Scientists have cloned many mammalian species, including pigs, cows, horses and dogs, but the process has been hit or miss.
The Ups and Downs of Davos
While the world’s geopolitical situation continues to ooze gloom, Financial and Political leaders meet to look forward
The world's five richest men have seen their fortunes more than double since 2020, while over the same period, five billion people have become poorer, according to new research published by Oxfam. The report was released on Monday, the first day of the annual World Economic Forum summit in Davos—a prominent gathering of billionaires. It stipulates that the net worth of the world's five richest individuals, all men, has shot up from $405 billion to $869 billion since 2020. To put that in perspective, Fobes estimated the rate is equivalent to about $14 million per hour.You might be wondering, what exactly is this World Economic Forum that gets talked about at the start of every year? And why is Davos, as it is commonly known, so significant? The forum was founded in 1971 in a bid to foster global cooperation on political, social and economic issues. The aim of the international not-for-profit organization, which is now headquartered near Geneva, was to bring together the public and private sectors to brainstorm solutions to these global problems, something which remains one of its founding principles and speaks to its mission statement: “Committed to improving the state of the world.”Under the motto “Rebuilding Trust”, the 54th annual meeting kicked off on Monday. But the ongoing fallout from the pandemic as well as from new conflicts around the globe may make it difficult to rebuild trust in institutions. Ukrainian President Volodymyr Zelenskyy came out swinging against Russian leader Vladimir Putin on Tuesday, while urging political and business leaders facing war fatigue in the West to enforce sanctions, help rebuild his country and advance the peace process. Meanwhile, Chinese Premier Li Qiang focused on pitching the country as a place to invest, noting that “we are opening wide our embrace.”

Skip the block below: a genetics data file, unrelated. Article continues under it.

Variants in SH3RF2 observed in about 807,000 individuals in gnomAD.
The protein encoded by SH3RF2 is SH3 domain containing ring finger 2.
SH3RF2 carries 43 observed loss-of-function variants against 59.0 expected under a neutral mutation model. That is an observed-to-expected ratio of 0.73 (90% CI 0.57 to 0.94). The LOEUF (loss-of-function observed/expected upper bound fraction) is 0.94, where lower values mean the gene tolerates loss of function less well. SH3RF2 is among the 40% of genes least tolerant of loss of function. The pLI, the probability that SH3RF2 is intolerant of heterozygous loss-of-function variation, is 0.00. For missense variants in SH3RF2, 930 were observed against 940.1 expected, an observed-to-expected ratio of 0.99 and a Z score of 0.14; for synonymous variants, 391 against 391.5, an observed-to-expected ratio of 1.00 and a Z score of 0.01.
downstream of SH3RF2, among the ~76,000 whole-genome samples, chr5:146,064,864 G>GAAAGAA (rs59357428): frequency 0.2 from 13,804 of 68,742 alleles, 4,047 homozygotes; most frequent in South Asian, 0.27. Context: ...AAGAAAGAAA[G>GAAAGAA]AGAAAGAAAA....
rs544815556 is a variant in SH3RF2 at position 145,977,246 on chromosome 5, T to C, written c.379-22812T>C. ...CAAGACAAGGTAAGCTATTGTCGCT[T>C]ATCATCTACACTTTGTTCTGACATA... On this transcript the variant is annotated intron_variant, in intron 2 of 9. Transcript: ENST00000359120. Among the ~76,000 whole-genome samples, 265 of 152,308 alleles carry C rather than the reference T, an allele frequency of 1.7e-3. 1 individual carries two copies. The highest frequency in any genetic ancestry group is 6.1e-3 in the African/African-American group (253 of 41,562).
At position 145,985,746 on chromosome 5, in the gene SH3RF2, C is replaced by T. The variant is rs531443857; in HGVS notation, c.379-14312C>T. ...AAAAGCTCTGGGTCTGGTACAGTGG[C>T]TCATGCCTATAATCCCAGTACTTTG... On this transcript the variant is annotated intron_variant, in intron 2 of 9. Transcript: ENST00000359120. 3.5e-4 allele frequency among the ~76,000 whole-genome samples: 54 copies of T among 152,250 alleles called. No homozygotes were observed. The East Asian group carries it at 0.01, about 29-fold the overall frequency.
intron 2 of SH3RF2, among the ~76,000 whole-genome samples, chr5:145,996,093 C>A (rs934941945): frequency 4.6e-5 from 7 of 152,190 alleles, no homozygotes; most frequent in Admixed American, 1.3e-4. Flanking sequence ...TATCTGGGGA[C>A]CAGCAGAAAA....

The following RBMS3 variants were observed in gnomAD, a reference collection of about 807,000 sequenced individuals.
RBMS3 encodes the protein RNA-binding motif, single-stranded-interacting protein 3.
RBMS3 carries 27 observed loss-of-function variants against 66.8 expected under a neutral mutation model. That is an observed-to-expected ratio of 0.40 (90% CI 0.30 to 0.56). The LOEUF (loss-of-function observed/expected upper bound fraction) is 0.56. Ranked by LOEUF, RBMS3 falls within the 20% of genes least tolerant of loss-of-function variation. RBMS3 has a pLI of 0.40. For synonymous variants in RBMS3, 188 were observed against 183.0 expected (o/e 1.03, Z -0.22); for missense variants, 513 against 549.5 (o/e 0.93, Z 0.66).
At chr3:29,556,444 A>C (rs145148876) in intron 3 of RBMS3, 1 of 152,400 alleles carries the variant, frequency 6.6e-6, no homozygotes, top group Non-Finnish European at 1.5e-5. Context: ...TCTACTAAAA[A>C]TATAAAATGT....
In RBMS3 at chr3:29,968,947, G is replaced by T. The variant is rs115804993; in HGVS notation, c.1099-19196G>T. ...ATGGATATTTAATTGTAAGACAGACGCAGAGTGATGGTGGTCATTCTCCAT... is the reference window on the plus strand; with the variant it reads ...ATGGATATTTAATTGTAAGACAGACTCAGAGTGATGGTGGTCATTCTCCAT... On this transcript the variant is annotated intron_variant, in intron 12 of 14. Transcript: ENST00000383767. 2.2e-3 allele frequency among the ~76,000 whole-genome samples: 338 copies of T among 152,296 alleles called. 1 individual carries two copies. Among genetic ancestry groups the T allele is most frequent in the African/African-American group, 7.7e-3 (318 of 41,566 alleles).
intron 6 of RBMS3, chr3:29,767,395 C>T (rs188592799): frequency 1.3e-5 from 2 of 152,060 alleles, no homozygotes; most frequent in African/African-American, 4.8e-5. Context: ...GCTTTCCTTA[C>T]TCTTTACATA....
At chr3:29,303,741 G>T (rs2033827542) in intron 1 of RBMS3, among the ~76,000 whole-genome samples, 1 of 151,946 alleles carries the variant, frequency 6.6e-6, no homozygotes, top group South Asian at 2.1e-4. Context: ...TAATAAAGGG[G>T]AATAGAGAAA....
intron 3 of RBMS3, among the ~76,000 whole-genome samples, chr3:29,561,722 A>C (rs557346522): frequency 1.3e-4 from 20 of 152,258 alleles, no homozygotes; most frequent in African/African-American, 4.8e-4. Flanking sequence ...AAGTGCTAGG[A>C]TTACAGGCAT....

Is Davos still worthwhile? The Financial Times says fear of missing out still makes the Alpine resort the ultimate networking opportunity.
Uber Is Cutting Off Drizly
You might remember that it bought the app for $1.1 billion three years ago